Today it does seem like most women I know are finding out the gender of their unborn babies. I don’t know the exact statistics on this and I am sure it varies across regions and age groups and social demographics. Though not everyone I know finds out, most people I know do. At least for their first pregnancy. Of course, my sister is also pregnant with her first child and chose not to find out the gender.
My husband would have preferred to leave it as a surprise however this was one situation where he gave me veto over the decision. He felt that since my body was going through it all and I had to do the hard work of labour he could concede on this one and I would make the choice for both of us. (My track record of keeping secrets from him is quite poor so we realized it would not be feasible for only me to know).
Before getting pregnant, I always assumed I would want to know and at first I was sure I wanted to know. Then I thought, maybe not as I got a few weeks into the pregnancy. It was still too early to know anyway so I had plenty of time to decide.
Then the horribleness that is my pregnancy started. I won’t go into detail here, because I have previously discussed it in detail on this blog (here, here and here). You know a pregnancy is bad when people closest to you start asking, “Are you excited?” and you have to muster up the courage to say “Yeah” because anything else makes you look like a monster. Truth was, at times the pregnancy was so horrendous that I found it very hard to be excited. Every day was a struggle just to put in an appropriate number of hours at work so that I could go home and nap.
Every meal was a gamble as to whether it would stay down. I still dread mornings because I know I will throw up before I get to work.
I confess, I felt no connection to the baby at all right into the 2nd trimester.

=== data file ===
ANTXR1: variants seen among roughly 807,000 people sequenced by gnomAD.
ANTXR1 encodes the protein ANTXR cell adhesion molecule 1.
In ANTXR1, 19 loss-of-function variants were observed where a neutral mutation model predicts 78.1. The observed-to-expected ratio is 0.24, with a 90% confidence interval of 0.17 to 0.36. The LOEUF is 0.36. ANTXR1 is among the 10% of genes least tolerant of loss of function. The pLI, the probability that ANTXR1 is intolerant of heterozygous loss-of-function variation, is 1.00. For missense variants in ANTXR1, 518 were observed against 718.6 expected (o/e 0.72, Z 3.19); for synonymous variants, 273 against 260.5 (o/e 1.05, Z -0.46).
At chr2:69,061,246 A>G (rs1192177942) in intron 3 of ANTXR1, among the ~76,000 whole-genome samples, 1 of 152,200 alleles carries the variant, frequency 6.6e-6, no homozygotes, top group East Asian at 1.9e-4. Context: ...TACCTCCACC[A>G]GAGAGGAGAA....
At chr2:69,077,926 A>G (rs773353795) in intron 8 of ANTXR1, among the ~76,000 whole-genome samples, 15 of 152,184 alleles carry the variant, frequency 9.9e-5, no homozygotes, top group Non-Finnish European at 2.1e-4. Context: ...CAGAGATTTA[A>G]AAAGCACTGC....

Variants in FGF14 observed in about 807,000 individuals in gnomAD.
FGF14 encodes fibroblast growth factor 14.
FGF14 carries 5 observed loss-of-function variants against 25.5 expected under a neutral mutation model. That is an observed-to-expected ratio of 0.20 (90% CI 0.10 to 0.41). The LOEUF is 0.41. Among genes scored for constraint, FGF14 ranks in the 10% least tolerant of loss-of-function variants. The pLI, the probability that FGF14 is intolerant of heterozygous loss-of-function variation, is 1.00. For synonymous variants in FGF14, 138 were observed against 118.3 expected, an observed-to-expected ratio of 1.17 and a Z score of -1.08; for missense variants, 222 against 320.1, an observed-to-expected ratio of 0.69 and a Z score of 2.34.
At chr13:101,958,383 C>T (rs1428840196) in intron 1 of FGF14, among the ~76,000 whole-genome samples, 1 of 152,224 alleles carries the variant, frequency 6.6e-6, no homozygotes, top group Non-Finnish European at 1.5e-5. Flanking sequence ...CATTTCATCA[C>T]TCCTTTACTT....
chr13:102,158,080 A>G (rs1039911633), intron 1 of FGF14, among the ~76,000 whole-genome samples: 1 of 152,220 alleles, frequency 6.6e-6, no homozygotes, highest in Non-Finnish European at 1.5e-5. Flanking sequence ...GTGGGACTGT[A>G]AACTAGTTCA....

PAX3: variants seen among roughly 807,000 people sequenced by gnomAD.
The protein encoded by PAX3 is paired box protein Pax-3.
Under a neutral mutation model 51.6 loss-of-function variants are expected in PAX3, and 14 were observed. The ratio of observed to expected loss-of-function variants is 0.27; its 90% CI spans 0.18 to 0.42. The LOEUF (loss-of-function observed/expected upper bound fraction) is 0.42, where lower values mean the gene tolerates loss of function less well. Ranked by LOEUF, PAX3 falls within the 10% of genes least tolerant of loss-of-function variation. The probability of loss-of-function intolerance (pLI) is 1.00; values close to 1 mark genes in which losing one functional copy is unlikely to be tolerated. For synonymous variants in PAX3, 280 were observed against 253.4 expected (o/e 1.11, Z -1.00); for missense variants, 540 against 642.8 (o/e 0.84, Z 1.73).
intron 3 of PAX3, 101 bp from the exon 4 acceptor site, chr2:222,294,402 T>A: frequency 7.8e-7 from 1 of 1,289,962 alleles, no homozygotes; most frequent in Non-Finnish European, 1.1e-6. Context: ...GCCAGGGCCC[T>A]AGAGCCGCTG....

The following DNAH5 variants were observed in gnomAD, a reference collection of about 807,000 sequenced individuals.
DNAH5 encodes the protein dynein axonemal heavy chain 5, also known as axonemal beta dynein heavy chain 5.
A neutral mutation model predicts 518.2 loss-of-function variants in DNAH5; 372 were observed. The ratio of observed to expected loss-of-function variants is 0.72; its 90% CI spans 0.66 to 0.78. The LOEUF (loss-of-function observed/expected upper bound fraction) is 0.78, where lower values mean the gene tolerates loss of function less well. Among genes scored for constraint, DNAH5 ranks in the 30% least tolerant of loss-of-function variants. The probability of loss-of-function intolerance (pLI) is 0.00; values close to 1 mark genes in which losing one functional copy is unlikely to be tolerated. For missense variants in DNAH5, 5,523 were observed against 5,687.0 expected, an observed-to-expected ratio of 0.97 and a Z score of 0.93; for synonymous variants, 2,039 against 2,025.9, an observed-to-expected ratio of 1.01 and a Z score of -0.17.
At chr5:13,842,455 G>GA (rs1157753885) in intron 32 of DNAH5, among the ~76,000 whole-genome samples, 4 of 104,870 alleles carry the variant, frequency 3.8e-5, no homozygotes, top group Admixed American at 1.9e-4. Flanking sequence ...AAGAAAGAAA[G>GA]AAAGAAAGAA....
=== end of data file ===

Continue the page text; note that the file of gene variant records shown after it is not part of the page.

Some women seem to be instantly connected to the life growing inside of them, that wasn’t the case for me. I was happy to have supportive people in my life who told me it was normal. “Wait until you feel it moving then you’ll feel more connected.”
My husband and I even gave baby nicknames each week based on what food Baby Centre was telling us the fetus resembled.
Husband “How’s avocado today?”
Me “Avocado is being really mean to Mommy and not letting me keep food down….”
It was cute but I was still so miserable that I didn’t feel strongly connected to baby.
So when I was getting my last ultrasound done I decided that if they could tell I would want to know the gender. As it turns out, the baby wasn’t shy and even without the help of the technician I was reasonably sure what I was having. The technician confirmed it as well.
I can honestly tell you that being able to put a gender pronoun to my child instantly lifted my spirits. My family told me I seemed so much happier and excited about the pregnancy. I know gender isn’t the most important thing and I see myself as progressive when it comes to gender norms, but for me it wasn’t about whether the nursery is going to be pink or blue (we are going with grey), it was finally something I could know about this person growing inside of me. Right now we don’t know the name, we don’t know what colour the eyes will be or the hair (though we can make some educated guesses based on our family), we don’t know what the baby will be like and who they will grow into. But right now, knowing the sex of the baby allows me to know something new about it and it has helped me feel connected.
So imagine how hurtful it was when upon revealing to a coworker that I found out the sex of the baby I got lectured on how wrong it is and that I wouldn’t really truly enjoy child-birth because I won’t have that surprise in the delivery room. I don’t know what the motivation of this person was to say these things to me. Especially since it wasn’t as if I could now ‘unlearn’ that information. But this person took the first real sustained joy I’d experienced during this pregnancy and undermined it.
I know from reading other blogs and parenting sites that parents judge other parents and at times it can be quite harsh. I guess I didn’t expect my parenting decisions to be attacked so quickly. Luckily, I am a pretty opinionated and strong woman and was able to look at her and say, “Well, for me it was right to know.” Then I walked away.